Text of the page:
Dave399

Alpha
I have carried a handgun since 1971 as a State Trooper, Sheriffs Deputy and City Police Officer and was a member of the State Police pistol team. Due to old eyes, I recently switched to the Hellcat with Shield red dot. I absolutely love it. I can shoot faster and more accurately with it than I can with iron sights. No more iron sights for me.
 

ChanceMcCall

Master Class
I have carried a handgun since 1971 as a State Trooper, Sheriffs Deputy and City Police Officer and was a member of the State Police pistol team. Due to old eyes, I recently switched to the Hellcat with Shield red dot. I absolutely love it. I can shoot faster and more accurately with it than I can with iron sights. No more iron sights for me.

Dave - I concur about both "old eyes" and that the red dot improves distance shooting. When you state, "No more iron sights for me", does that mean you are actually depending on the red dot at 7 yards or less, or that at closer distances you are using point shooting and revert to the red dot at some (your choice) further distance?

I, and I suspect many others, are eager for clarification and more details. Thanks for any reply.
 

Red_Label

Operator
Put me in the camp of being curious about red dots on concealed handguns, while at the same time being skeptical that they'll actually make any difference at normal arm's length distances and split-second times in which real defensive scenarios occur. I wouldn't mind having a reflex sight-eqipped pistol in the safe (provided I could jam another one in there), but considering that I carry either my tiny Kahr CW380 or Kimber Solo 99% of the time, it doesn't matter anyways.

Now my three Springfield Saint Victor AR pistols are a different story, as all are equipped with red dots. I use irons on my SA M1A and M1 Garand. I only put in this 2nd paragraph so people would know that I am an actual fan of SA products (have owned two SA 1911s too). ;-)
 

SimonRL

Professional
I have four pistols with red dots on them and have done quite a bit of defensive training using multiple targets and inside 7yds i don't chase the dot. I'm point aiming and the dot is there - because I train. 10 yds and out I can sometimes chase the dot (typically if I'm shooting a large pistol like my X5 Legion) for a split second on the first shot, but when that dot is acquired you can be moving at top speed and pick your shots because it's so intuitive - and there's none of the shooting high nonsense that can often happen with iron sights when shooting in a pinch. When I'm shooting anything with a 4 in or shorter barrel, if the gun is up in front of my face, so is the dot.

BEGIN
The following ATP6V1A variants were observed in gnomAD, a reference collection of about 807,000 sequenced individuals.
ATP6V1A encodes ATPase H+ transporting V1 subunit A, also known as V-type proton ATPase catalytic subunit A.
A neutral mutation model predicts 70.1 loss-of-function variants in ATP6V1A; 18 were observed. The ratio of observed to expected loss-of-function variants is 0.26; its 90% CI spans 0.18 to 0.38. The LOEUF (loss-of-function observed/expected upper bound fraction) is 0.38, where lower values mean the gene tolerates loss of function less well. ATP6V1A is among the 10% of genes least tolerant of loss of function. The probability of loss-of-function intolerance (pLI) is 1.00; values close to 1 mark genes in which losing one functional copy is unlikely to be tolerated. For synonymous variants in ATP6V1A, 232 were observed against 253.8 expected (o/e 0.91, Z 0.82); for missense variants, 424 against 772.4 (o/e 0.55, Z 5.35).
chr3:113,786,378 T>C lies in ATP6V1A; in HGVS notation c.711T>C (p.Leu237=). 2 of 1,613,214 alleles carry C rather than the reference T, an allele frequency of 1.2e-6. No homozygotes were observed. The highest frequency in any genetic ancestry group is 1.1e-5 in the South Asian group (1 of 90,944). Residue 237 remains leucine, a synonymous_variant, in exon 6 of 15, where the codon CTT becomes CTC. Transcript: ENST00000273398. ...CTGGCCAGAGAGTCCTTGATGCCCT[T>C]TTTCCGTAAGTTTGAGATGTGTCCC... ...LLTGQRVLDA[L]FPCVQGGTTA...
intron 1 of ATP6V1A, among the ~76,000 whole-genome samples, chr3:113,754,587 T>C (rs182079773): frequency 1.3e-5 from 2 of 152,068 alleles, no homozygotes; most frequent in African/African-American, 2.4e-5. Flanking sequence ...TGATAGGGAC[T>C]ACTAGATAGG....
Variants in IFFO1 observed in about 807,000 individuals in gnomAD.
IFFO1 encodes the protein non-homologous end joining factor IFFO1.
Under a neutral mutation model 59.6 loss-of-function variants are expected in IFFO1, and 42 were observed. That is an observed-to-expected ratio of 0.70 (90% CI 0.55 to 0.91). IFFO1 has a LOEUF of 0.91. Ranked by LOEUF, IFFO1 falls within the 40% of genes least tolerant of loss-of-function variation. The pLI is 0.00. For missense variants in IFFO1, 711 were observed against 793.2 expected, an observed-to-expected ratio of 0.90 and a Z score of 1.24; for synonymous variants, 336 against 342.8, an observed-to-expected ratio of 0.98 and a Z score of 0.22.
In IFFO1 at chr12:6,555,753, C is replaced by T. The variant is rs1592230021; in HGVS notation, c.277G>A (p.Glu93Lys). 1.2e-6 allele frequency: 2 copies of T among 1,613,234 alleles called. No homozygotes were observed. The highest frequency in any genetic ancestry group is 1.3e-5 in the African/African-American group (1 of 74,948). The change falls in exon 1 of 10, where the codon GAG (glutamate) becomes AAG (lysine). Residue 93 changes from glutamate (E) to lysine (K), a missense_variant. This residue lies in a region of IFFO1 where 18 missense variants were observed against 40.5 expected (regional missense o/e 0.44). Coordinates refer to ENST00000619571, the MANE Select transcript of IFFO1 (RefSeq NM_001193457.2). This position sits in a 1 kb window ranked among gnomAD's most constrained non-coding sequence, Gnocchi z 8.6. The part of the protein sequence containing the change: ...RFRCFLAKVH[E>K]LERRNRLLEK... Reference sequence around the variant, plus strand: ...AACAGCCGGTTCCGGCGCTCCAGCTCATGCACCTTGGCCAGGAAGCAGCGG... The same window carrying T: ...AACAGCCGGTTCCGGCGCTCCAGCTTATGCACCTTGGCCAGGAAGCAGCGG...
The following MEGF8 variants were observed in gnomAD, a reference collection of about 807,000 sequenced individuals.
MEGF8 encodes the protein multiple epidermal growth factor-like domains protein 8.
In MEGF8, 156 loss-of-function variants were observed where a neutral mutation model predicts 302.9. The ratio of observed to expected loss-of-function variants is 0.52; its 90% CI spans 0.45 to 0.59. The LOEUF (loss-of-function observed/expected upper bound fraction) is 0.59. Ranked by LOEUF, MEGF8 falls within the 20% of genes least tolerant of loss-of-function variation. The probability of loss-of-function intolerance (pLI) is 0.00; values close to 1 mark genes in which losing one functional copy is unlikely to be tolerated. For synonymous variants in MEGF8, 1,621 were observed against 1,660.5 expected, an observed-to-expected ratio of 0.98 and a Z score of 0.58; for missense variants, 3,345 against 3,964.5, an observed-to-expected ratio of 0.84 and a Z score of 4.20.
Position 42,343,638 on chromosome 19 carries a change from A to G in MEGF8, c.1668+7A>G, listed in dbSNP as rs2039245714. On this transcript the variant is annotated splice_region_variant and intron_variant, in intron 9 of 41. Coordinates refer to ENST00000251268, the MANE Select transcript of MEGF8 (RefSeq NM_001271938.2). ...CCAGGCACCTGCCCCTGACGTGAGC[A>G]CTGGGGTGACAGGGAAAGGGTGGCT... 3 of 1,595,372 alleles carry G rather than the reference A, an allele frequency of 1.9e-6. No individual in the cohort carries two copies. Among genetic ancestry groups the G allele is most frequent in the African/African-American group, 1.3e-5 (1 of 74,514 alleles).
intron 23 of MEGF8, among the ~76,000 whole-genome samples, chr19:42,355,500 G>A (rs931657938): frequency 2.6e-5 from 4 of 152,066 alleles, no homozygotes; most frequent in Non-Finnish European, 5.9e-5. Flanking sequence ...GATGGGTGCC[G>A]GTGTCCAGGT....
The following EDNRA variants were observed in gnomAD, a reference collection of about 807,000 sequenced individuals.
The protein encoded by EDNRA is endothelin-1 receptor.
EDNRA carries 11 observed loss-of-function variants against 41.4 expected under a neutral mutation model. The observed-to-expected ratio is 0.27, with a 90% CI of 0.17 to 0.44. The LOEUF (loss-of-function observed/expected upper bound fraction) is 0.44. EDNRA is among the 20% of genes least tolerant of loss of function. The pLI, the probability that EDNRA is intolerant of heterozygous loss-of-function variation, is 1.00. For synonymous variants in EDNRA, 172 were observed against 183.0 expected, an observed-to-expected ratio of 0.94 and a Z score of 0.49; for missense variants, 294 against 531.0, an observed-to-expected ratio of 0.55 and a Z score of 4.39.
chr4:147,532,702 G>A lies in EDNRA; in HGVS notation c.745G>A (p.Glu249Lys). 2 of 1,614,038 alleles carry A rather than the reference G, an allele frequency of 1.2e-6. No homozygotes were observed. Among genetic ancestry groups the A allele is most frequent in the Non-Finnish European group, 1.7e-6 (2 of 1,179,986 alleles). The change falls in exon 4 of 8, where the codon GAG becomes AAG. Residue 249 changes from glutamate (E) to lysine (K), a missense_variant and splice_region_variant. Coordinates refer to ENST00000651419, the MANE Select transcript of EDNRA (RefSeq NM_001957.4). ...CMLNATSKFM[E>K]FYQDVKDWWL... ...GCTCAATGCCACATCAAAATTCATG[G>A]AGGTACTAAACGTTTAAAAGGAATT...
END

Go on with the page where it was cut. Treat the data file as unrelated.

And despite what some say, a red dot will not make you a better shooter. You still have to master all the mechanics.

I don't have red dots on my 1911s because I think it ruins their looks and I love how accurately I can shoot with them, but 10 yds and out, any target - including someone's chest - is a massive blur, my aging eyes just can't cut it. But at ten and beyond with a red dot I can see like an eagle. For me, I'm all in on red dots.
 

Dave399

Alpha
Dave - I concur about both "old eyes" and that the red dot improves distance shooting. When you state, "No more iron sights for me", does that mean you are actually depending on the red dot at 7 yards or less, or that at closer distances you are using point shooting and revert to the red dot at some (your choice) further distance?

I, and I suspect many others, are eager for clarification and more details. Thanks for any reply.
 
And despite what some say, a red dot will not make you a better shooter. You still have to master all the mechanics.
It absolutely does make you a better shooter - not by virtue of it being there - but by practicing. The level of feedback on your trigger pull and muzzle movement is imperceptible on irons - the learning to do the mechanics better takes off at a much faster rate than trying to learn the same skills when you train with a dot. Shooting on the move becomes significantly better since acceptable sight pictures are far easier to judge with a dot vs. irons.

With a dot you learn to index properly and target focus. Those two skills are the name of the game.
 

SimonRL

Professional
It absolutely does make you a better shooter - not by virtue of it being there - but by practicing. The level of feedback on your trigger pull and muzzle movement is imperceptible on irons - the learning to do the mechanics better takes off at a much faster rate than trying to learn the same skills when you train with a dot. Shooting on the move becomes significantly better since acceptable sight pictures are far easier to judge with a dot vs. irons.

With a dot you learn to index properly and target focus. Those two skills are the name of the game.
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I thought that was implied in what I was saying. You’re preaching to the converted.